Twenty minutes after Tallywa and her parents left, my wife and daughter, Kathy, pulled into the parking lot. Tallywa’s mother had been able to make contact with Jodie, so she knew where to find me. We were so happy to see one another; it’s hard being away from family for weeks at a time.
We drove to Bend, where Jodie had a motel room waiting for us. After taking the all-important shower and changing into fresh clothes that Jodie had brought for me, we left the motel and drove to REI, located in the Old Mill District along the Deschutes River, as I needed to purchase a couple of items.
The Old Mill District had once been home to two competing lumber mills, one on the west bank of the river and the other on the east bank. Operations began in 1916 and lasted through 1983, when the doors of the last mill – Brooks-Scanlon Mill A, closed. The property lay fallow for a decade until it was sold to land developers in 1993 that had the forethought and vision to convert the property to retail space rather than industrial space as the city of Bend originally wanted. Iconic to the development of the property was the retention of the three smokestacks that today are a defining symbol of the uniqueness of the Old Mill District.
The following day, Saturday, we left Bend and drove to Sisters where Jodie had rented a home for the next two nights. After getting settled in the spacious home on the outskirts of Sisters, we decided to tour the area around Sisters. I suggested we take Highway 20 over Santiam Pass and search out the Big Lake Youth Camp that would be my next resupply point after leaving McKenzie Pass. The turnoff to the camp wasn’t hard to find and within twenty minutes we pulled into the parking lot of the deserted youth camp.
The camp had just closed for the season, and there was only a skeleton crew on the campground property, but even they were nowhere to be found, meaning there was no one around to ask about hiker packages, however, as I wandered around the property, I met a hiker who indicated packages were stored downstairs in the laundry room of the Administrative Building.
Walking down the stairs, I entered the basement that had a roomful of washers and dryers, and off to one side of the building was shelving on which had been placed hiker’s resupply packages. It didn’t take me long to find my package. I noted its position on the shelves, as I would need to find it again in a few days when I returned to the camp.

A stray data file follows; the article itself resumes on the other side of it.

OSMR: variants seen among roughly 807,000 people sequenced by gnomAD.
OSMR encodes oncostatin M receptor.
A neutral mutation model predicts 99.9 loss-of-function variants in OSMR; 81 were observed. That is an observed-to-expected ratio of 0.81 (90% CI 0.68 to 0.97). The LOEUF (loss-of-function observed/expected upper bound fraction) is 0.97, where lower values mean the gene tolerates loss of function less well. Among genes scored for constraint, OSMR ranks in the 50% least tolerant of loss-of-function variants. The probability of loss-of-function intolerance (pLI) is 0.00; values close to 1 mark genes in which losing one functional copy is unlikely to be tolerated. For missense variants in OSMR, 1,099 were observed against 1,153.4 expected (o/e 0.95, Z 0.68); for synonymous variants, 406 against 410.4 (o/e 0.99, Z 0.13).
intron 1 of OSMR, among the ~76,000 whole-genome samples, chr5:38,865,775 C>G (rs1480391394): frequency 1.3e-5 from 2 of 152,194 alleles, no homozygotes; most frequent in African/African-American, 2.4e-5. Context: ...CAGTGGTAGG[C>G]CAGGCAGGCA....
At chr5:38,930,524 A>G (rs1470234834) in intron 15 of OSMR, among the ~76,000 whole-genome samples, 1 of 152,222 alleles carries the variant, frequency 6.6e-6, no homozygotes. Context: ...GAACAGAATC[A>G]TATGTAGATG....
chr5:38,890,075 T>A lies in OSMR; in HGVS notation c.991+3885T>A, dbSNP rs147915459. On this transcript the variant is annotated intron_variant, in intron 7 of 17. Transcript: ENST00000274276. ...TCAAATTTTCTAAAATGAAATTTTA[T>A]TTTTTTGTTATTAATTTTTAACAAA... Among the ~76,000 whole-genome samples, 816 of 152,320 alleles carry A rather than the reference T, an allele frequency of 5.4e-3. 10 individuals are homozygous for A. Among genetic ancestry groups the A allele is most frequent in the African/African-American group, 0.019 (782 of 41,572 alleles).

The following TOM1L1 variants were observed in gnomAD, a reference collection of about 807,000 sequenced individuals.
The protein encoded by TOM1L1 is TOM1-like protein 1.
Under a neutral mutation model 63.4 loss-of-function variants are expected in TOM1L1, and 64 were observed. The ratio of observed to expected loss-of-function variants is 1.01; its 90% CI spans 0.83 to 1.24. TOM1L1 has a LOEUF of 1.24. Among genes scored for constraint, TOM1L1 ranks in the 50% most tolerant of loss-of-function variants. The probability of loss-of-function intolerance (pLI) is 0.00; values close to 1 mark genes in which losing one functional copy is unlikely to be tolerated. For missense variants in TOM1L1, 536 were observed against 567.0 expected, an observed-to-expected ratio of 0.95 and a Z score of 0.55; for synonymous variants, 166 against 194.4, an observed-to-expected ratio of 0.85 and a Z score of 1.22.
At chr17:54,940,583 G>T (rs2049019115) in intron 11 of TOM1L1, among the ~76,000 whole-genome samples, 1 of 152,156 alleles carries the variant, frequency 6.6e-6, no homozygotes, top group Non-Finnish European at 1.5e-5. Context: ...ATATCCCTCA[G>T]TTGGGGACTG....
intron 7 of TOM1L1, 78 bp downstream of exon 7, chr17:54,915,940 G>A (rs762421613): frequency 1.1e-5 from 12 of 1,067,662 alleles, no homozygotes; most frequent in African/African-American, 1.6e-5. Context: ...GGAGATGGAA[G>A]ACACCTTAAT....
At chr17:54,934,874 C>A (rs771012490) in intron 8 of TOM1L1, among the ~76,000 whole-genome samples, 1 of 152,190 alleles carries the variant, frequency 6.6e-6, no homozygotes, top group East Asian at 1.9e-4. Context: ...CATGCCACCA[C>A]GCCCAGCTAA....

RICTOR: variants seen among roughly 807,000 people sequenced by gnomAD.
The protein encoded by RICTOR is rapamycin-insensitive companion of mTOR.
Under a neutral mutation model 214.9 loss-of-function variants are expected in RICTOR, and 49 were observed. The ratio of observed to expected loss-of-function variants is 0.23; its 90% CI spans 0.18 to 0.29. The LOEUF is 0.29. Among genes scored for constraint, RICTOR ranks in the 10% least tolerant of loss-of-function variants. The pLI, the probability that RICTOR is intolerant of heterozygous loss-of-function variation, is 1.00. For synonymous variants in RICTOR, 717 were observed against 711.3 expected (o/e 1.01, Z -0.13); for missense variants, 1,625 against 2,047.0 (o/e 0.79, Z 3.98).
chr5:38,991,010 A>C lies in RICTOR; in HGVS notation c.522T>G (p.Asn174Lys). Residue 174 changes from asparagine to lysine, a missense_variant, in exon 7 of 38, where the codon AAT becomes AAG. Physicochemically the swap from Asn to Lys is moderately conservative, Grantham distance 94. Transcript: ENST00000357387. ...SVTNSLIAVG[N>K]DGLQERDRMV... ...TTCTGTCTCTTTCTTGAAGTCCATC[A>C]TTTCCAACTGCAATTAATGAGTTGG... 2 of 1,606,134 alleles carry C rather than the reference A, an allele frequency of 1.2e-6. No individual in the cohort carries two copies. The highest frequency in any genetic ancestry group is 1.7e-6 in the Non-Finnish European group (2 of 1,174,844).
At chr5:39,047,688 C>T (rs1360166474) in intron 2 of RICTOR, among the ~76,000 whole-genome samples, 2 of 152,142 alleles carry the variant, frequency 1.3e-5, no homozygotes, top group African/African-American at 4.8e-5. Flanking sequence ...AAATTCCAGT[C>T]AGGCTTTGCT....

Outside the Administrative Building, I found Jodie and Kathy talking with the hiker who had told me where to find the packages. He said his trail name was Lt. Dan, as in Lt. Dan from the movie Forrest Gump. Jodie, who was intent on providing trail magic for someone, asked me if it would be okay if we invited Lt. Dan to our rental home in Sisters to stay the night and use the laundry and shower facilities; we had an extra room. Knowing how much such amenities meant to a hiker, I wholeheartedly agreed that we should invite Lt. Dan to stay the night with us.
At our rental home in Sisters, we showed Lt. Dan to his room, and told him to make himself at home. We all felt good about passing forward some of the kindness and generosity I have received on the trail. Once our guest was settled in, I sent a text message to Cookie to ascertain her situation. She texted back that she was with her father having dinner at the Ski Inn in Sisters, and would be staying the night in the local campground. I invited her to join Jodie, Kathy, and Lt. Dan at our place for pie and ice cream. She agreed and we went to pick her and her father up at the cafe.
We arrived just as Cookie and her father were coming out of the café; with them was Swiss Army. Swiss Army told me that he had been able to exchange my small pack cover for a larger one, but not knowing if he would see me in town, had hitchhiked to the trailhead at Santiam Pass and tacked the small package to a Forest Service bulletin board with my name on it, then hitchhiked back to Sisters. I thanked him for his conscientious efforts and told him he had certainly gone the extra mile in trying to get my backpack cover to me.
We enjoyed a nice evening with Cookie and her seventy-three-year-old father who is touring the area on a concept bicycle that can be broken down into a package small enough to fit in the trunk of a car. Before taking them back to their campground, I offered to give Cookie a ride to the trailhead at McKenzie Pass in the morning; she accepted, and I told her we would be at the campground at six o'clock.
The next morning, before driving to the campground to pick up Cookie, we gave Lt. Dan a ride to the post office in Sisters. He said he’d hitchhike to Santiam Pass where he would continue his journey north. At six on the dot, we pulled into the campground and easily found the tents belonging to Cookie and her father. Cookie declined to go with us this morning; she said she needed to forward a package to her next resupply pickup and needed to stay in town until the post office opened. I told her I would see her up the trail in a few days.